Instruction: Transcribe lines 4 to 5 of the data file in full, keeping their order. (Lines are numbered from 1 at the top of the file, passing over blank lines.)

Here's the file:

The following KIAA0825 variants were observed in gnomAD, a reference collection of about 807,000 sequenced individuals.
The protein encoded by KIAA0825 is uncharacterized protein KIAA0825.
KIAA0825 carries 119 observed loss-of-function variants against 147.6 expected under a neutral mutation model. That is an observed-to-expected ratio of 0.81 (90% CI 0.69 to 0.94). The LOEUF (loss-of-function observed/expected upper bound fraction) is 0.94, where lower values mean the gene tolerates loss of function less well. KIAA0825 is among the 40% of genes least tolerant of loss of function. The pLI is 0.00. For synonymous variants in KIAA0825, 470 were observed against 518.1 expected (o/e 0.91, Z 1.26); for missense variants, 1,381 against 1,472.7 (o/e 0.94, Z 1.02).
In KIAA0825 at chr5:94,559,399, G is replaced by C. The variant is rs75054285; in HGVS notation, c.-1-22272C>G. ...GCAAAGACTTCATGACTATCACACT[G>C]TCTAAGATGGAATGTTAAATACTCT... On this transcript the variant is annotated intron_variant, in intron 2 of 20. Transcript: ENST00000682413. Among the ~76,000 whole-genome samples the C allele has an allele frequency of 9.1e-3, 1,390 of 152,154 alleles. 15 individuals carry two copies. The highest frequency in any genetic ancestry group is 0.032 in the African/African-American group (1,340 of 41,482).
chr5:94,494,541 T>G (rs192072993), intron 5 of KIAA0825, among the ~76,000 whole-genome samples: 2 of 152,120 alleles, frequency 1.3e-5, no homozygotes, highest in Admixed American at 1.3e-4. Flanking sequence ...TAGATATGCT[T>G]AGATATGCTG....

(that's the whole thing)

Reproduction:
In KIAA0825 at chr5:94,559,399, G is replaced by C. The variant is rs75054285; in HGVS notation, c.-1-22272C>G. ...GCAAAGACTTCATGACTATCACACT[G>C]TCTAAGATGGAATGTTAAATACTCT... On this transcript the variant is annotated intron_variant, in intron 2 of 20. Transcript: ENST00000682413. Among the ~76,000 whole-genome samples the C allele has an allele frequency of 9.1e-3, 1,390 of 152,154 alleles. 15 individuals carry two copies. The highest frequency in any genetic ancestry group is 0.032 in the African/African-American group (1,340 of 41,482).
chr5:94,494,541 T>G (rs192072993), intron 5 of KIAA0825, among the ~76,000 whole-genome samples: 2 of 152,120 alleles, frequency 1.3e-5, no homozygotes, highest in Admixed American at 1.3e-4. Flanking sequence ...TAGATATGCT[T>G]AGATATGCTG....